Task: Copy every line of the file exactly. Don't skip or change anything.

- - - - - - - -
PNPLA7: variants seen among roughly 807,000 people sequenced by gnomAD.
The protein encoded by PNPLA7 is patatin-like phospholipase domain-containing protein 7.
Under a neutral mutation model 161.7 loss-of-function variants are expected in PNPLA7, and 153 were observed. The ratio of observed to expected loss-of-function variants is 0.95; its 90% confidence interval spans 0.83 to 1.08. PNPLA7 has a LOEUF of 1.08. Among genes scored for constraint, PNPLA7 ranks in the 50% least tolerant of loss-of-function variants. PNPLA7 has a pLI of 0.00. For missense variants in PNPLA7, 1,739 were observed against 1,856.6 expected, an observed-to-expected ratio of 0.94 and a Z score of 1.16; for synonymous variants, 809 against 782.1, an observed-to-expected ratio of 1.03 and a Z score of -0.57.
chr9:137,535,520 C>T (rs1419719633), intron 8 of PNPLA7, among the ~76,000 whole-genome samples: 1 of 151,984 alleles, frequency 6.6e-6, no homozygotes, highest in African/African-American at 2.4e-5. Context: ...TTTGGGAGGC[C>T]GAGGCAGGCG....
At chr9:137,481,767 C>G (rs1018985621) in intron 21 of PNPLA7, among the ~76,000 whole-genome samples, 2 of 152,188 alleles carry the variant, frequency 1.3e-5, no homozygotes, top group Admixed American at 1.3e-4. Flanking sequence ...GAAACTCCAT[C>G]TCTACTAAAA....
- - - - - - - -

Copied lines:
PNPLA7: variants seen among roughly 807,000 people sequenced by gnomAD.
The protein encoded by PNPLA7 is patatin-like phospholipase domain-containing protein 7.
Under a neutral mutation model 161.7 loss-of-function variants are expected in PNPLA7, and 153 were observed. The ratio of observed to expected loss-of-function variants is 0.95; its 90% confidence interval spans 0.83 to 1.08. PNPLA7 has a LOEUF of 1.08. Among genes scored for constraint, PNPLA7 ranks in the 50% least tolerant of loss-of-function variants. PNPLA7 has a pLI of 0.00. For missense variants in PNPLA7, 1,739 were observed against 1,856.6 expected, an observed-to-expected ratio of 0.94 and a Z score of 1.16; for synonymous variants, 809 against 782.1, an observed-to-expected ratio of 1.03 and a Z score of -0.57.
chr9:137,535,520 C>T (rs1419719633), intron 8 of PNPLA7, among the ~76,000 whole-genome samples: 1 of 151,984 alleles, frequency 6.6e-6, no homozygotes, highest in African/African-American at 2.4e-5. Context: ...TTTGGGAGGC[C>T]GAGGCAGGCG....
At chr9:137,481,767 C>G (rs1018985621) in intron 21 of PNPLA7, among the ~76,000 whole-genome samples, 2 of 152,188 alleles carry the variant, frequency 1.3e-5, no homozygotes, top group Admixed American at 1.3e-4. Flanking sequence ...GAAACTCCAT[C>G]TCTACTAAAA....